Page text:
Georgia House Representative Jack Kingston went through a hoop that virtually defies belief. He voted against a bill that he spent months on helping to write. The bill was a spending bill and the type o bill that the tea party has relentlessly opposed. Despite his hard work to get the bill approved, Kingston, when it came time to vote, got the message; don't even think about voting for it or else. The "or else" loomed big for Kingston since he's a GOP Senate candidate and he looks nervously over his shoulder to make sure that he doesn't get on the Tea Party's wrong side.
Kingston is no anomaly. Nearly every other GOP candidate for any national office in the November mid-term elections is tipping gingerly on the same eggshells as Kingston when it comes to the tea party. Much has been made that public opinion on the tea party has soured since its heyday in 2009, and the likelihood is good that most if not all of its quasi officially backed candidates will go down to crashing defeat in head to head match ups with so-called GOP establishment incumbents or establishment backed candidates in the GOP primaries. That means nothing since GOP candidates such as Kingston feel obliged to kiss the party's ring to win.
The first big warning sign that the lines were fast becoming blurred between the tea party and the GOP establishment was last year's partial government shutdown and the GOP saber rattle over the debt ceiling raise. Then an estimated 40 House Republicans that were solidly tea party aligned led the shut-down charge over the supposed runaway debt ceiling and government spending. But even before that in the relative short period of time that they had been in Congress they managed to force dozens of votes to defund or repeal the Affordable Care Act, torpedoed any talk of tougher gun control provisions, and immigration reform. At the same time, they repeatedly deluged Congress with a flood of demands for spending cuts on everything from Head Start to food nutrition programs.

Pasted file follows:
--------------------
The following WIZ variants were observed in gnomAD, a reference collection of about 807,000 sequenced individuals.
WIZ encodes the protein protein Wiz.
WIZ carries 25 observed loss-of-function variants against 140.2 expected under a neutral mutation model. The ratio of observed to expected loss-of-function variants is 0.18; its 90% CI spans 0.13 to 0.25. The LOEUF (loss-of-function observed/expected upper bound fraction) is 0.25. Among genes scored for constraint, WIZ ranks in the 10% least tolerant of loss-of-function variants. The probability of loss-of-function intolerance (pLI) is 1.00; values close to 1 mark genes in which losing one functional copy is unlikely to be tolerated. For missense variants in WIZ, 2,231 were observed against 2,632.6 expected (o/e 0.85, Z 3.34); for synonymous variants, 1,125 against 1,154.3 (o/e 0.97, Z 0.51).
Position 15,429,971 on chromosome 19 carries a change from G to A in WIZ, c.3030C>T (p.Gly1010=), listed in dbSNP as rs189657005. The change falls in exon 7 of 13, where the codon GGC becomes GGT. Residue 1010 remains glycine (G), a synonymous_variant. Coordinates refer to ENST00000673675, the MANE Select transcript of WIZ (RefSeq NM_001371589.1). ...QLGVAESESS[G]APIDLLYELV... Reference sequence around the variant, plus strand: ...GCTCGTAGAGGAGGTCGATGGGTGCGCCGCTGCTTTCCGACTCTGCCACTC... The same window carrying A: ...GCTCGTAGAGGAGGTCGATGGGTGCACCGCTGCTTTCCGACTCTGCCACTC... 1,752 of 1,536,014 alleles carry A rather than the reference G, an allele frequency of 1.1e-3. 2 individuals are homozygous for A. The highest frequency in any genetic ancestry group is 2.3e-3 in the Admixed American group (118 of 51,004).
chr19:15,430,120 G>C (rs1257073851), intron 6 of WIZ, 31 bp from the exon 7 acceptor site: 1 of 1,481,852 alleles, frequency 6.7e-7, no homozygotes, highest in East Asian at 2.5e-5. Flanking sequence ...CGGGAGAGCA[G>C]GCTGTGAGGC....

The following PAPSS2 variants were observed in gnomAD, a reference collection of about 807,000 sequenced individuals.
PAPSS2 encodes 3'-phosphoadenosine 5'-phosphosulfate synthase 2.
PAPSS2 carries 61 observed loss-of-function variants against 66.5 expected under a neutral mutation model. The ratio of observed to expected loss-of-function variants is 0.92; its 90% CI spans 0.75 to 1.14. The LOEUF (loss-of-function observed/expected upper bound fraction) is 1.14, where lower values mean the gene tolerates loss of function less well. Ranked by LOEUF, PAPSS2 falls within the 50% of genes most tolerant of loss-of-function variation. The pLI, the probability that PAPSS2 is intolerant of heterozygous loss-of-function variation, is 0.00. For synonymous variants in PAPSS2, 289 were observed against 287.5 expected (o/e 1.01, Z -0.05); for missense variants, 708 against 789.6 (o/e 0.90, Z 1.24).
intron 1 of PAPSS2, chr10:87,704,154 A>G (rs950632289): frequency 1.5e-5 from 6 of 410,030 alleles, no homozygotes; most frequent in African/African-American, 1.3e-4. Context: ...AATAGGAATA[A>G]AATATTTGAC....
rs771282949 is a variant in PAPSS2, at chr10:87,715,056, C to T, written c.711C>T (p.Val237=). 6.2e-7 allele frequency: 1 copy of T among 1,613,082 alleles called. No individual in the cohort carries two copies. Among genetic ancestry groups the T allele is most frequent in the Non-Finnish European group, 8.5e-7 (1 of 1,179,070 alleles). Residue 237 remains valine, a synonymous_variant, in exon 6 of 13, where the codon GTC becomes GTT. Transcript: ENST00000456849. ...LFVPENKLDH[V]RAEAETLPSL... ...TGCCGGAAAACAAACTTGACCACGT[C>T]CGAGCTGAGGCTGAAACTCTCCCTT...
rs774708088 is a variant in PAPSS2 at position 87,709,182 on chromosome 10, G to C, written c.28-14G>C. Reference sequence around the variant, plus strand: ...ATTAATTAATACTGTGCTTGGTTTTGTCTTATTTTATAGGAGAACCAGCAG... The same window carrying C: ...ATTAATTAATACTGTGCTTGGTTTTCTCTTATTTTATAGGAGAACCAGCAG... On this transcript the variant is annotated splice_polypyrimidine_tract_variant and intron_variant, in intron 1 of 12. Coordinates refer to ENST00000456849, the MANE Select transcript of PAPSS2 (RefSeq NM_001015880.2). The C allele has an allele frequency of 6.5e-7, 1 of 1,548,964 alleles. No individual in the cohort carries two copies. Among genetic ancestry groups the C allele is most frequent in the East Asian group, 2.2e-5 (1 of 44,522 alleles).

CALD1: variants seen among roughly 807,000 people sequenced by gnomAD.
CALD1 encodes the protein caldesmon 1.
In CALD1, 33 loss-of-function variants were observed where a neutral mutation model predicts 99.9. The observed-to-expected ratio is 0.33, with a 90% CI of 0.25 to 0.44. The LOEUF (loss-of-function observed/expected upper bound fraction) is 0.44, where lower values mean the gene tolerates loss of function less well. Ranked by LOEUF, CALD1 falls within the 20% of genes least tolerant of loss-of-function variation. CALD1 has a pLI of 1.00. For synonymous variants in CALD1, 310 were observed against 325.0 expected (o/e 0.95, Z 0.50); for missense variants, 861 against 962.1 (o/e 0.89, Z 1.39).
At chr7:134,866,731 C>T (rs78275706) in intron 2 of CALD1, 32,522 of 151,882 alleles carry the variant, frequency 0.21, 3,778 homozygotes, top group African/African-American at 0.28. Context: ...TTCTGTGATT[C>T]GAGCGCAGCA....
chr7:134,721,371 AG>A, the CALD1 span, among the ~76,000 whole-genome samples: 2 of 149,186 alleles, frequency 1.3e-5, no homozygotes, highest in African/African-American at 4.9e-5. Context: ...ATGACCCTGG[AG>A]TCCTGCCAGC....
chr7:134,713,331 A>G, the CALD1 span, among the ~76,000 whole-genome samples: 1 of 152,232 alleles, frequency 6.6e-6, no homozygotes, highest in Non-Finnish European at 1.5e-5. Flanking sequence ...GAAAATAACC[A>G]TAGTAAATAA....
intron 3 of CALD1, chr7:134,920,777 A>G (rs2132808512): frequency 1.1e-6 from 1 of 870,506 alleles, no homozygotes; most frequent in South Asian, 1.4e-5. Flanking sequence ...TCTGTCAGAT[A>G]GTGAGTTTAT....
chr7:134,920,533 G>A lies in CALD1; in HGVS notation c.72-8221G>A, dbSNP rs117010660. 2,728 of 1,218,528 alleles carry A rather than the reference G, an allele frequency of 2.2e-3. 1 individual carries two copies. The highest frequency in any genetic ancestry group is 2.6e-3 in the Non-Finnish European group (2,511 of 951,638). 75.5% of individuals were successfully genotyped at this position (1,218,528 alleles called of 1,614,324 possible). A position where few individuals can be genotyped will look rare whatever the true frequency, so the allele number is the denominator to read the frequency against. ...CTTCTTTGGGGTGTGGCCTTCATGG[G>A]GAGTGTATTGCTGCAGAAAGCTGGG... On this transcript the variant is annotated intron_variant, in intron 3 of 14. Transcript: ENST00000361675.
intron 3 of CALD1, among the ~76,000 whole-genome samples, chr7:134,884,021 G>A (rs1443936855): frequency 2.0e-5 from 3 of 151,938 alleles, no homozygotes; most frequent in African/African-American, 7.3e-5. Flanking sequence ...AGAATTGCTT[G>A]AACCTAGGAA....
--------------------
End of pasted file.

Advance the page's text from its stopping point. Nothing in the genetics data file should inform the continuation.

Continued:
The tea party casts a huge shadow cast over the GOP for a simple political Their fervent backers touch a deep, dark and throbbing pulse among legions of ultra-conservatives who think that President Obama and many Democrats are communists, gays are immoral, and that the health care reform law is a massive government intrusion into their personal affairs. At first, mainstream GOP leaders publicly refrained from spewing this type of fringe sounding rhetoric. They had to always give the appearance that they were above the verbal mugging of Obama, Democrats and minorities. This was and is a main reason that the Republican National Committee came out with media and public massage blue print in 2013 for winning more women, minority and gay votes in the 2014 mid-term elections. GOP leaders doubled down on this by taking a few jabs at the more strident unreconstructed bigots such as nutty rocker Ted Nugent when they pop off with a racial inanity. But that didn't mean they could not expropriate tea party positions on the issues.
That's only part of the story for the tea party's near total morph into the GOP.
GOP presidential contender Mitt Romney and dozens of GOP candidates that sought to oust perceived vulnerable Democrats from House and Senate seats in 2012 knew they had to fire up ultra-conservatives and conservative Christian evangelicals and get them to mass march to the polls to have any chance at the White House and maintain control of the House. It was not enough to simply pound Obama and the Democrats on health care reform, immigration, alleged big government intrusion, and tax and spend profligacy. There had to be a hyper-charged emotional edge to rally the big numbers the GOP needed and still needs to win.
The tea party supplied that mostly because it directly conforms to the unchanged political reality of the GOP. It is an insular party of Deep South and narrow Heartland, rural and, non-college educated blue-collar whites. While those numbers are shrinking, they are still huge, and more importantly, in mid-term elections they traditionally have voted in far greater numbers than blacks, Latinos and youth voters.
The GOP and its tea party shock troops in the House and Senate have fully read the political tea leafs and they know that the 2014 midterm elections shape up to be a colossal battle for the GOP to hold onto the House and to snatch the three seats needed to take control of the Senate. The tea party can make enough noise and generate enough votes where the GOP has pulled out all the stops to oust Democratic incumbents by insuring that they field credible candidates.
This has not been lost on the Democratic Senate incumbents who are in the tough fights to hold onto their seats. They have made no bones about distancing themselves from Obama on issues such as the Affordable Care Act, and even publicly telling him to stay away from their states during the campaign. This is the ultimate testament to the tea party's official morph into the GOP.
Earl Ofari Hutchinson is an author and political analyst. He is a weekly co-host of the Al Sharpton Show on American Urban Radio Network. He is the author of How Obama Governed: The Year of Crisis and Challenge. He is an associate editor of New America Media. He is host of the weekly Hutchinson Report Newsmaker Hour heard weekly on the nationally network broadcast Hutchinson Newsmaker Network.
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